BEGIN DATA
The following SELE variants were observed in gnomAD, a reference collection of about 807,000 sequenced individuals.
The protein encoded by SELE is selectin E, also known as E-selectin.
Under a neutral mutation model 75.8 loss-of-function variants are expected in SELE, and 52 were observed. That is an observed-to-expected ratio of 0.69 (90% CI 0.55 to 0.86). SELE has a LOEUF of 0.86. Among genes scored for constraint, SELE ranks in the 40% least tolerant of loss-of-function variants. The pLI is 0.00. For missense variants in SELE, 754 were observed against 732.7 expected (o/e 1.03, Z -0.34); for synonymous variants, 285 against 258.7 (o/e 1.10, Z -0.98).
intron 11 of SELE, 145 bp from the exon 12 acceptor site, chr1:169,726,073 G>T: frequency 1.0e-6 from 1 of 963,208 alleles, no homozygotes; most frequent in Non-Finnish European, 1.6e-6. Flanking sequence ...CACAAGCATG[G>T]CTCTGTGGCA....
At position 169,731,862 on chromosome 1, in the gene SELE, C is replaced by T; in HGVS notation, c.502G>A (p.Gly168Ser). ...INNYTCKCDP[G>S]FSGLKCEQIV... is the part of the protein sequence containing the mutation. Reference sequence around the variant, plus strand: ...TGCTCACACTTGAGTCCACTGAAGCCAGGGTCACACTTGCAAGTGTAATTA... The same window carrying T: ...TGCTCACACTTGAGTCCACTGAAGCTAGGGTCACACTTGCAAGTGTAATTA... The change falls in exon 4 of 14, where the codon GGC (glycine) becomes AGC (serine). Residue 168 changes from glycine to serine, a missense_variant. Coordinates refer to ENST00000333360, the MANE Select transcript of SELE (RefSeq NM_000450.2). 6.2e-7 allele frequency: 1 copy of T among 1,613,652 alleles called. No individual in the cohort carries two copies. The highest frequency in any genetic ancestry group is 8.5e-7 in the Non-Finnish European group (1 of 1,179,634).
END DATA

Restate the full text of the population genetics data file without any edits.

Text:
The following SELE variants were observed in gnomAD, a reference collection of about 807,000 sequenced individuals.
The protein encoded by SELE is selectin E, also known as E-selectin.
Under a neutral mutation model 75.8 loss-of-function variants are expected in SELE, and 52 were observed. That is an observed-to-expected ratio of 0.69 (90% CI 0.55 to 0.86). SELE has a LOEUF of 0.86. Among genes scored for constraint, SELE ranks in the 40% least tolerant of loss-of-function variants. The pLI is 0.00. For missense variants in SELE, 754 were observed against 732.7 expected (o/e 1.03, Z -0.34); for synonymous variants, 285 against 258.7 (o/e 1.10, Z -0.98).
intron 11 of SELE, 145 bp from the exon 12 acceptor site, chr1:169,726,073 G>T: frequency 1.0e-6 from 1 of 963,208 alleles, no homozygotes; most frequent in Non-Finnish European, 1.6e-6. Flanking sequence ...CACAAGCATG[G>T]CTCTGTGGCA....
At position 169,731,862 on chromosome 1, in the gene SELE, C is replaced by T; in HGVS notation, c.502G>A (p.Gly168Ser). ...INNYTCKCDP[G>S]FSGLKCEQIV... is the part of the protein sequence containing the mutation. Reference sequence around the variant, plus strand: ...TGCTCACACTTGAGTCCACTGAAGCCAGGGTCACACTTGCAAGTGTAATTA... The same window carrying T: ...TGCTCACACTTGAGTCCACTGAAGCTAGGGTCACACTTGCAAGTGTAATTA... The change falls in exon 4 of 14, where the codon GGC (glycine) becomes AGC (serine). Residue 168 changes from glycine to serine, a missense_variant. Coordinates refer to ENST00000333360, the MANE Select transcript of SELE (RefSeq NM_000450.2). 6.2e-7 allele frequency: 1 copy of T among 1,613,652 alleles called. No individual in the cohort carries two copies. The highest frequency in any genetic ancestry group is 8.5e-7 in the Non-Finnish European group (1 of 1,179,634).